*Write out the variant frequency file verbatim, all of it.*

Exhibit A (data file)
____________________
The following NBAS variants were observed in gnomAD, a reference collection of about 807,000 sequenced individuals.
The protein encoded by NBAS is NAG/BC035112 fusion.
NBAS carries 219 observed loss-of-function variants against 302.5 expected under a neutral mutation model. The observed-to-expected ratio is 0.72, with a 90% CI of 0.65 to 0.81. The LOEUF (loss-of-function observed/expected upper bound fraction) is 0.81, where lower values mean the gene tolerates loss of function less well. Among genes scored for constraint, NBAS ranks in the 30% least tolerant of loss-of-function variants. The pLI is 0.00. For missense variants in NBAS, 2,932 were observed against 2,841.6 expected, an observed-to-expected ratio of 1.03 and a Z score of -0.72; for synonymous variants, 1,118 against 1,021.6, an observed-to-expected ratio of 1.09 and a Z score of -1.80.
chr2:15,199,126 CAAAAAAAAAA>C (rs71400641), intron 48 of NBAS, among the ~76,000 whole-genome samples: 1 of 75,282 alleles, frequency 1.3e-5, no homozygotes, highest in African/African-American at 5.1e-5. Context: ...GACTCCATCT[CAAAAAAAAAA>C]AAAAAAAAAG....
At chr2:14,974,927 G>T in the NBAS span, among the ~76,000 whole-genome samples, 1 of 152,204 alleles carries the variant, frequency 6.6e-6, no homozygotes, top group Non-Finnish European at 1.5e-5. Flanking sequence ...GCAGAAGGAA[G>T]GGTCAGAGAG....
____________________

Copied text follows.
The following NBAS variants were observed in gnomAD, a reference collection of about 807,000 sequenced individuals.
The protein encoded by NBAS is NAG/BC035112 fusion.
NBAS carries 219 observed loss-of-function variants against 302.5 expected under a neutral mutation model. The observed-to-expected ratio is 0.72, with a 90% CI of 0.65 to 0.81. The LOEUF (loss-of-function observed/expected upper bound fraction) is 0.81, where lower values mean the gene tolerates loss of function less well. Among genes scored for constraint, NBAS ranks in the 30% least tolerant of loss-of-function variants. The pLI is 0.00. For missense variants in NBAS, 2,932 were observed against 2,841.6 expected, an observed-to-expected ratio of 1.03 and a Z score of -0.72; for synonymous variants, 1,118 against 1,021.6, an observed-to-expected ratio of 1.09 and a Z score of -1.80.
chr2:15,199,126 CAAAAAAAAAA>C (rs71400641), intron 48 of NBAS, among the ~76,000 whole-genome samples: 1 of 75,282 alleles, frequency 1.3e-5, no homozygotes, highest in African/African-American at 5.1e-5. Context: ...GACTCCATCT[CAAAAAAAAAA>C]AAAAAAAAAG....
At chr2:14,974,927 G>T in the NBAS span, among the ~76,000 whole-genome samples, 1 of 152,204 alleles carries the variant, frequency 6.6e-6, no homozygotes, top group Non-Finnish European at 1.5e-5. Flanking sequence ...GCAGAAGGAA[G>T]GGTCAGAGAG....